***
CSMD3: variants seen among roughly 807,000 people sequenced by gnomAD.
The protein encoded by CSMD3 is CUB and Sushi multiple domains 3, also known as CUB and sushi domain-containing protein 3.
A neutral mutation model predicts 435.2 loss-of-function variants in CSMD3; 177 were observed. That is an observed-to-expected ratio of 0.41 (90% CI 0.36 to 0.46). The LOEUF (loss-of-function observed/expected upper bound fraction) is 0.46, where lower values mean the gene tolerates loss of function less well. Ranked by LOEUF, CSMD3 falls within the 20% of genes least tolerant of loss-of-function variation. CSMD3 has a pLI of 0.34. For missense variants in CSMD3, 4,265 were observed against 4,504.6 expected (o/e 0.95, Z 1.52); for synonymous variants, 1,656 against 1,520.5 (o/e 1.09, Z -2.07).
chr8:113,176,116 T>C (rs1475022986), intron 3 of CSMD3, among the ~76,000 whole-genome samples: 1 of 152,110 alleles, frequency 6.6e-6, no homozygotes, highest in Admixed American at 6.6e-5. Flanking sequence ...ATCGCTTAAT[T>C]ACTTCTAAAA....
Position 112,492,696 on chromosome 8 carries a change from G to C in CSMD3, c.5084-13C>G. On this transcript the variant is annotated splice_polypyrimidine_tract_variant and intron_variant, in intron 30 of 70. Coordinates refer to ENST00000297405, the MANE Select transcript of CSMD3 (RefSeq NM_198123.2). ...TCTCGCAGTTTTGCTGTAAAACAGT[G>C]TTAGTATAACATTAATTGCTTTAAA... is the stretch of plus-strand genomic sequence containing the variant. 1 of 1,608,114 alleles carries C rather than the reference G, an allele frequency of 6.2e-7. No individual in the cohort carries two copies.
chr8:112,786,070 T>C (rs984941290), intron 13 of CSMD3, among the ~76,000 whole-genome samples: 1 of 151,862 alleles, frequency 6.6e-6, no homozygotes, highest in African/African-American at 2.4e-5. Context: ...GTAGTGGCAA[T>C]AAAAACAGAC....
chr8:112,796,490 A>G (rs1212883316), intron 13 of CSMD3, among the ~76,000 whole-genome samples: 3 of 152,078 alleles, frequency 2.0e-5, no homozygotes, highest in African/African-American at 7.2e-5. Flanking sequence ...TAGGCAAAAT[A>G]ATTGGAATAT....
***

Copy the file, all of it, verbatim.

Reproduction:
CSMD3: variants seen among roughly 807,000 people sequenced by gnomAD.
The protein encoded by CSMD3 is CUB and Sushi multiple domains 3, also known as CUB and sushi domain-containing protein 3.
A neutral mutation model predicts 435.2 loss-of-function variants in CSMD3; 177 were observed. That is an observed-to-expected ratio of 0.41 (90% CI 0.36 to 0.46). The LOEUF (loss-of-function observed/expected upper bound fraction) is 0.46, where lower values mean the gene tolerates loss of function less well. Ranked by LOEUF, CSMD3 falls within the 20% of genes least tolerant of loss-of-function variation. CSMD3 has a pLI of 0.34. For missense variants in CSMD3, 4,265 were observed against 4,504.6 expected (o/e 0.95, Z 1.52); for synonymous variants, 1,656 against 1,520.5 (o/e 1.09, Z -2.07).
chr8:113,176,116 T>C (rs1475022986), intron 3 of CSMD3, among the ~76,000 whole-genome samples: 1 of 152,110 alleles, frequency 6.6e-6, no homozygotes, highest in Admixed American at 6.6e-5. Flanking sequence ...ATCGCTTAAT[T>C]ACTTCTAAAA....
Position 112,492,696 on chromosome 8 carries a change from G to C in CSMD3, c.5084-13C>G. On this transcript the variant is annotated splice_polypyrimidine_tract_variant and intron_variant, in intron 30 of 70. Coordinates refer to ENST00000297405, the MANE Select transcript of CSMD3 (RefSeq NM_198123.2). ...TCTCGCAGTTTTGCTGTAAAACAGT[G>C]TTAGTATAACATTAATTGCTTTAAA... is the stretch of plus-strand genomic sequence containing the variant. 1 of 1,608,114 alleles carries C rather than the reference G, an allele frequency of 6.2e-7. No individual in the cohort carries two copies.
chr8:112,786,070 T>C (rs984941290), intron 13 of CSMD3, among the ~76,000 whole-genome samples: 1 of 151,862 alleles, frequency 6.6e-6, no homozygotes, highest in African/African-American at 2.4e-5. Context: ...GTAGTGGCAA[T>C]AAAAACAGAC....
chr8:112,796,490 A>G (rs1212883316), intron 13 of CSMD3, among the ~76,000 whole-genome samples: 3 of 152,078 alleles, frequency 2.0e-5, no homozygotes, highest in African/African-American at 7.2e-5. Flanking sequence ...TAGGCAAAAT[A>G]ATTGGAATAT....